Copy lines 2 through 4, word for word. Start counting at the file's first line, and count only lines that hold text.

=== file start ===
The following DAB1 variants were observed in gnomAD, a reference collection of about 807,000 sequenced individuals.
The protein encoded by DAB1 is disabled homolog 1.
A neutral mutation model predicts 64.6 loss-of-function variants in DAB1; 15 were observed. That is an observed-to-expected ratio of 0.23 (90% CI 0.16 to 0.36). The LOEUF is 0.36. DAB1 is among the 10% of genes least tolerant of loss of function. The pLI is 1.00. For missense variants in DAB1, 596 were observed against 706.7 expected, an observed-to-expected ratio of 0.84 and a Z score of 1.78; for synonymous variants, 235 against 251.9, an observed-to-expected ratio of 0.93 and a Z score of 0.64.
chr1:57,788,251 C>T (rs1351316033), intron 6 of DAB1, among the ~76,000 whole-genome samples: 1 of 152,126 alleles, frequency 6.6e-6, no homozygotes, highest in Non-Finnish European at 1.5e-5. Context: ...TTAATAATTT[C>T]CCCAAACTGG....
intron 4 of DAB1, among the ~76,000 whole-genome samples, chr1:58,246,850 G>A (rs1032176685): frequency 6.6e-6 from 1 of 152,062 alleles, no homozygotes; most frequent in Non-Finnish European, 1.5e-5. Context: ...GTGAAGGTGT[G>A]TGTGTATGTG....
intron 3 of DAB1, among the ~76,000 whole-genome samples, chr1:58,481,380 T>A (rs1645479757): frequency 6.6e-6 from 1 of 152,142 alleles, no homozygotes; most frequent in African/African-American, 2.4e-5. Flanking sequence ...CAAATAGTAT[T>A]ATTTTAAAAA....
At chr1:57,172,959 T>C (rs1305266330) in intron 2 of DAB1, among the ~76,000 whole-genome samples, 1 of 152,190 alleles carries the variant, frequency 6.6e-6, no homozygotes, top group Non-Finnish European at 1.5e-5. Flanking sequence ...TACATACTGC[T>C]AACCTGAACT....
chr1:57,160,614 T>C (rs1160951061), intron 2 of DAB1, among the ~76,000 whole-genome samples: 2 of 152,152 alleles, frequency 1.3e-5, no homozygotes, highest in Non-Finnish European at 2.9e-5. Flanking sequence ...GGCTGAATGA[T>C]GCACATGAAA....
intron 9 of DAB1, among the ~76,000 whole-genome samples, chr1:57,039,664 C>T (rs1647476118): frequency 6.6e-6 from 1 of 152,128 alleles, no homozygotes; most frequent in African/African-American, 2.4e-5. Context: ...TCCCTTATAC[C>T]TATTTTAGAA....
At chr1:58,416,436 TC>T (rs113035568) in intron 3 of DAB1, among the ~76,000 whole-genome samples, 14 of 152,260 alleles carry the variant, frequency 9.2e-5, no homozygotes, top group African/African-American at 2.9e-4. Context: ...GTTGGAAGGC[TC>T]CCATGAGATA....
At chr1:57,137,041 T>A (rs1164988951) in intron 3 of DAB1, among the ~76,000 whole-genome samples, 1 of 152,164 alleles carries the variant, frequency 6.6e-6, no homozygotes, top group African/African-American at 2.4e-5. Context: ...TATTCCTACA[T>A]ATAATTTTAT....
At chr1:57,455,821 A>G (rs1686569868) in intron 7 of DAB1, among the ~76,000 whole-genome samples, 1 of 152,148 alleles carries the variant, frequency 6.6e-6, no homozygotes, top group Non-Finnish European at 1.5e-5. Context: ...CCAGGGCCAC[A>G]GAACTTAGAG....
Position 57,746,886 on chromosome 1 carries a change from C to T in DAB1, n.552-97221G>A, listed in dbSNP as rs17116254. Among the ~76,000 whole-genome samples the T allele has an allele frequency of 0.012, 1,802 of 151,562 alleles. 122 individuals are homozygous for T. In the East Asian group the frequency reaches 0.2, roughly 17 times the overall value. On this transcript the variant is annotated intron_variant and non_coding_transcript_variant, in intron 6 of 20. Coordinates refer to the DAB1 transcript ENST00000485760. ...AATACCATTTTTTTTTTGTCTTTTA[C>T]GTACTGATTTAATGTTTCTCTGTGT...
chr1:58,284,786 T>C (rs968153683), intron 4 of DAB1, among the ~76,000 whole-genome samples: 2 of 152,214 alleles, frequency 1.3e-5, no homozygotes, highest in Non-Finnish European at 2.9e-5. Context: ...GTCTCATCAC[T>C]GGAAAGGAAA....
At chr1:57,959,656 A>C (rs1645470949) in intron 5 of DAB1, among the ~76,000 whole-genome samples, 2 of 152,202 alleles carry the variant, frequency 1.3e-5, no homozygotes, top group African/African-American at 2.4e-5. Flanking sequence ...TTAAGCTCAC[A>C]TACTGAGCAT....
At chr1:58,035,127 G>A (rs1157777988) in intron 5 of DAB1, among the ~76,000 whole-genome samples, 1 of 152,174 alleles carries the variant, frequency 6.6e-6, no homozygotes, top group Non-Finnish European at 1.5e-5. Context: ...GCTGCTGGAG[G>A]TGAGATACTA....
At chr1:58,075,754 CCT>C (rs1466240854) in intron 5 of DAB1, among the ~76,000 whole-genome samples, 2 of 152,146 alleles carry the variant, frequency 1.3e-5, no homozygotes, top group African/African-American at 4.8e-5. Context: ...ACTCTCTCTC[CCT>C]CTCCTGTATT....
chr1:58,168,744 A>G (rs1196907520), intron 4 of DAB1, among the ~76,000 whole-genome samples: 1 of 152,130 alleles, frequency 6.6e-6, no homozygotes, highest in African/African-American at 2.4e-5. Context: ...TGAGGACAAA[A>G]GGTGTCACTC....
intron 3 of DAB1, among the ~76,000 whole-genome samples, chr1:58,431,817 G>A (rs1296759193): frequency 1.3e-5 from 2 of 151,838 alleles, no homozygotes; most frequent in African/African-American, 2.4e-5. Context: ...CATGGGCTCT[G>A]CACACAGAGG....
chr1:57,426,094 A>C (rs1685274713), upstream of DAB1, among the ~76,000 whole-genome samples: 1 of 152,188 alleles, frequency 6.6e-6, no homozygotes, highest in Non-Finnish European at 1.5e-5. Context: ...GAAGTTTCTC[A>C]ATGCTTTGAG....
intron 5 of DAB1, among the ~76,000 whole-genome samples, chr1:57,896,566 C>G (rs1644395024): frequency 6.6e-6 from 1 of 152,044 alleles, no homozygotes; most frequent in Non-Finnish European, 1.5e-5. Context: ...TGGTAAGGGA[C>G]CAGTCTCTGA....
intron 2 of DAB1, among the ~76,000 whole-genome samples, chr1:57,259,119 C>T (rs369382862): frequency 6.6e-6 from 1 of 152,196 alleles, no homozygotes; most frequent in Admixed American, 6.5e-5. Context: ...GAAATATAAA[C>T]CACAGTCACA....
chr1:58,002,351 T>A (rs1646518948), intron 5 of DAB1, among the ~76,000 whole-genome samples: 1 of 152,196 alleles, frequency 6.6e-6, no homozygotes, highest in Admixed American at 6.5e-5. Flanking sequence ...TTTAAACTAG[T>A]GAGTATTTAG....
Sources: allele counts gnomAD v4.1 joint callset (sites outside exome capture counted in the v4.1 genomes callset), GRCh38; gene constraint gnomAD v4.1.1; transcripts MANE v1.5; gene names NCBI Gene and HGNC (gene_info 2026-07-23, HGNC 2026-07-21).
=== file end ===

The protein encoded by DAB1 is disabled homolog 1.
A neutral mutation model predicts 64.6 loss-of-function variants in DAB1; 15 were observed. That is an observed-to-expected ratio of 0.23 (90% CI 0.16 to 0.36). The LOEUF is 0.36. DAB1 is among the 10% of genes least tolerant of loss of function. The pLI is 1.00. For missense variants in DAB1, 596 were observed against 706.7 expected, an observed-to-expected ratio of 0.84 and a Z score of 1.78; for synonymous variants, 235 against 251.9, an observed-to-expected ratio of 0.93 and a Z score of 0.64.
chr1:57,788,251 C>T (rs1351316033), intron 6 of DAB1, among the ~76,000 whole-genome samples: 1 of 152,126 alleles, frequency 6.6e-6, no homozygotes, highest in Non-Finnish European at 1.5e-5. Context: ...TTAATAATTT[C>T]CCCAAACTGG....